Except for the selection of dried beans at Urban Herbs, the Westside Market in Cleveland doesn’t sell anything you can’t find in Pittsburgh’s Strip District. What they have that we don’t have is a grand work of marketplace architecture.
If we still had the Allegheny Markethouse
, people would surely travel to see and shop in it. That dawned on me on the ride home from a trip to Cleveland over the weekend.
I marveled at the beauty of the building, built in the early 20th century, with a beautiful vaulted brick ceiling (shown below, left) and generous window light.
The trip prompted many thoughts about what we have and don’t have and led to a rumination on the potential of the Pittsburgh Public Market
and the Terminal Building
on Smallman Street to be long-term additions to the scene. The terminal building is not a grand work of marketplace architecture, but it’s the closest thing we have to an historic and iconic symbol of the legacy of the Strip. The Terminal Building was the incubator that gave rise to the vibrant retail scene that defines the Strip as we know it today.
It was the first point of sale — wholesale — before supermarkets took control of their own distribution networks. It remained a wholesale food center until several years ago, when it began to empty because of uncertainty over its future use. When last year the Buncher Co. proposed a riverfront development that would eliminate the western third of the five-block long building, the Pittsburgh Public Market, which established in 2010 in a small portion of the Terminal Building, relocated to 2401 Penn Ave.
It has 20 full-time vendors and six part-time vendors using a little more than 3,000 square feet of the 12,000 that’s available.
special projects manager for Neighbors in the Strip
, said the public market has recently received county and federal grants to install a shared use commercial kitchen that should give more vendors an incentive to move in. Ventilation hoods are expensive and many of the people who have occupied spaces there are early-in entrepreneurs.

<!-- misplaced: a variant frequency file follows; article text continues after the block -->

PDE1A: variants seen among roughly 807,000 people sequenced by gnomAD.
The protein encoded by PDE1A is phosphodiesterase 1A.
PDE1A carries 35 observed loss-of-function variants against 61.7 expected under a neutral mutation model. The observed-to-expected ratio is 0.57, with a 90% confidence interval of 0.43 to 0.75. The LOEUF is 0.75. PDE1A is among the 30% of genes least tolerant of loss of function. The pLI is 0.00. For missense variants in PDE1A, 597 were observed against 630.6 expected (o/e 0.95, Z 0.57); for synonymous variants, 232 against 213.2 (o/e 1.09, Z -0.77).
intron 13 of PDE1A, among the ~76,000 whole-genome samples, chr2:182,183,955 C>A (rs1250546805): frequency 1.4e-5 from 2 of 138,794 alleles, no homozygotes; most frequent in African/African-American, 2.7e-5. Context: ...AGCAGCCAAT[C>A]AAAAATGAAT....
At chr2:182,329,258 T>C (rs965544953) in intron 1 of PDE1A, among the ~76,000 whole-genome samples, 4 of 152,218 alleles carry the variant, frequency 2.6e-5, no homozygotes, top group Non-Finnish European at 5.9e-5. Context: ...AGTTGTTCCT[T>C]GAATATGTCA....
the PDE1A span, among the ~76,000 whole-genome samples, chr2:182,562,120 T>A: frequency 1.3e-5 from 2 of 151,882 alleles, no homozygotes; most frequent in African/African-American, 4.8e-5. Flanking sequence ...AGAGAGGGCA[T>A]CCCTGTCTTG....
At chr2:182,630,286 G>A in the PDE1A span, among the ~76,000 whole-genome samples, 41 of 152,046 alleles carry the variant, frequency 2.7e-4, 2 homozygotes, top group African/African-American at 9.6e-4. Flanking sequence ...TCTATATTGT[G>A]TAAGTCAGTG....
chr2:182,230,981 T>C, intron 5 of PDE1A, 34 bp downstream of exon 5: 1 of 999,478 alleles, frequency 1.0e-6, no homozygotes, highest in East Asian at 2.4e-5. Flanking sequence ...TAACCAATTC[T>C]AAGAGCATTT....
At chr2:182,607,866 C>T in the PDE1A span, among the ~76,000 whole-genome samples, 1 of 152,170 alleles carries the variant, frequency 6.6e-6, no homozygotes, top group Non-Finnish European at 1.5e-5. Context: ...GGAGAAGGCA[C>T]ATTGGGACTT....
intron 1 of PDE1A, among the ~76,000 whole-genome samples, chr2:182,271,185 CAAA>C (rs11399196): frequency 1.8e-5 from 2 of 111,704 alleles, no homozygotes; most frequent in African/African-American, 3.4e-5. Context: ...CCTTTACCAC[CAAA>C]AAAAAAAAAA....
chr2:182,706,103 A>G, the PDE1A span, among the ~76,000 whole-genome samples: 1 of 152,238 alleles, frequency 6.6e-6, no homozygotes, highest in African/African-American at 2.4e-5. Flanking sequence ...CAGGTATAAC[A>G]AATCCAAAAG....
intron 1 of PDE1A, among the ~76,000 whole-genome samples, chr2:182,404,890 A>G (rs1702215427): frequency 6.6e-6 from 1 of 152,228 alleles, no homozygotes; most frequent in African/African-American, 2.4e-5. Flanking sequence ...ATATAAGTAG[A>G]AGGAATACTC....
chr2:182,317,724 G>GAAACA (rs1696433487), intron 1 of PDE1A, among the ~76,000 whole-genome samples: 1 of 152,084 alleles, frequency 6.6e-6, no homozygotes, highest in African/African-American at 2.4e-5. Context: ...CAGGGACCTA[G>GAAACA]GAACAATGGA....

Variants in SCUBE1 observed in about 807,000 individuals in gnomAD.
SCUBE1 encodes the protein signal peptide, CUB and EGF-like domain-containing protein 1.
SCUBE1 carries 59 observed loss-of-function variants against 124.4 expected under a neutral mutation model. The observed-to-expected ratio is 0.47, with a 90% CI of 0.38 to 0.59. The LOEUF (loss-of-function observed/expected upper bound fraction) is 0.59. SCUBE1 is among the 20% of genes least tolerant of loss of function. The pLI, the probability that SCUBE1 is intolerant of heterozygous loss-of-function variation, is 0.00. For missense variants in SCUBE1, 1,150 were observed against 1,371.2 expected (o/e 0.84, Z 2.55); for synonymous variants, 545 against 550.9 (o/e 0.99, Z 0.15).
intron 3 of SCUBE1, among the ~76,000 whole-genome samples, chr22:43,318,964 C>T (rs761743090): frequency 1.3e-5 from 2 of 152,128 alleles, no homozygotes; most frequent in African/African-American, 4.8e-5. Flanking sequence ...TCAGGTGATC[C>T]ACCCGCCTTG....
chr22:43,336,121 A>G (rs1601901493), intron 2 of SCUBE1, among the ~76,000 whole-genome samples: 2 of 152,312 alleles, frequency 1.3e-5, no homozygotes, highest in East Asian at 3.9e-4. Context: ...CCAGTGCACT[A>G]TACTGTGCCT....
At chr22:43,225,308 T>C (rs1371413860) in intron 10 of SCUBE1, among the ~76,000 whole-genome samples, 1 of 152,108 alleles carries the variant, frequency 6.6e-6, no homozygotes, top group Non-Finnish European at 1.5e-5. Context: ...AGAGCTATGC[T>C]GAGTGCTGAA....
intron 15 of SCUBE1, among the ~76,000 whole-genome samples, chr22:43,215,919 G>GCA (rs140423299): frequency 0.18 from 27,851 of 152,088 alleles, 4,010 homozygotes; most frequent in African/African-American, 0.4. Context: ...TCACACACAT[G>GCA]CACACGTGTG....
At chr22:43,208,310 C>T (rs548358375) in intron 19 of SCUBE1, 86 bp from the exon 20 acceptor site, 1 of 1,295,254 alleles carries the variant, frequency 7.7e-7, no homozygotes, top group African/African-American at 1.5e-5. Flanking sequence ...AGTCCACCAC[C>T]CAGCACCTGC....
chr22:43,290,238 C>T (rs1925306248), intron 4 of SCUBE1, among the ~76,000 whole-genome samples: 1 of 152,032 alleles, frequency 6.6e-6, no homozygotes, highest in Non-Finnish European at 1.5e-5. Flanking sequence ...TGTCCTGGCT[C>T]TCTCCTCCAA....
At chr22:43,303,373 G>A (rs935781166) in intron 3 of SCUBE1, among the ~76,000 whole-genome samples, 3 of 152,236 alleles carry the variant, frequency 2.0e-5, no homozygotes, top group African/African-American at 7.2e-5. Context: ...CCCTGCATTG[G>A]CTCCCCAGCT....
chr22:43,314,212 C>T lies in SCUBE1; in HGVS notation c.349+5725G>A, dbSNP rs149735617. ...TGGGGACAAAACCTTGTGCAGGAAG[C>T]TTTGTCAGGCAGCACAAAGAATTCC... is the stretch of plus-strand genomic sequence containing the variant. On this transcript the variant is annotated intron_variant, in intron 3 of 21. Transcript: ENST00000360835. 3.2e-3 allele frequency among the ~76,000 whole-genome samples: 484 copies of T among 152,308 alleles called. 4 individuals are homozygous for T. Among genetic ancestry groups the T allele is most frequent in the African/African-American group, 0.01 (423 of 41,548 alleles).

“We think the commercial kitchen will help support them,” she said.
If you want to get your toes into the restaurant market, a license and maintenance fee of a little more than $500 a month, with a connection to utilities and a kitchen, is a great incentive. It will be interesting to see whether the shared commercial kitchen boosts participation in the only public market house Pittsburgh has.
The Pittsburgh Public Market was and is a laudable venture for Neighbors in the Strip to advocate into being and to manage as the leasor of the building. It was in large part NIS’s brainchild based on visits to the several remaining historic markets within reasonable driving distance, the Westside Market being one.
Pittsburgh’s potential to support a growing public market house and a renovated Terminal Building and the current storefronts of the Strip is an unknown.
“With the planned residential development” by Buncher, “we potentially have a larger local market, and our tourist market grows every year,” Cindy said. “We did a market study before the [public] market opened and it showed that in a 20 mile radius around Pittsburgh there was a stronger demand for niche food products than the existing supply.”
As I toured the Westside Market, I caught myself oohing and aahing, wondering why at first and then realizing why — the intensity of consolidation. It is Wholey’s, Penn Mac, Stamolis, Parma Sausage, Sam Bok, Stan’s, Labad’s, La Prima and every farmers’ market all together in one big teeming, gleaming -- and at times overwhelming -- place.
As a Pittsburgher, I love the Strip and think it is more interesting than any marketplace I’ve visited except in the Third World.
I would love to see people flock around vendors packing every available space in the Pittsburgh Public Market and at the Terminal Building if it is developed into a food-oriented regional draw and remain just as devoted to the Strip’s street scene.
I wonder how much we would have to grow -- or how far regionally we would have to draw -- to achieve that kind of massing.
But the certainty I came away with from Cleveland was that a great city needs a great indoor market scene and any city that still has its old-world market house is blessed, lucky, farsighted or all three.
Photos, from the Westside Market, by Paul Nawrocki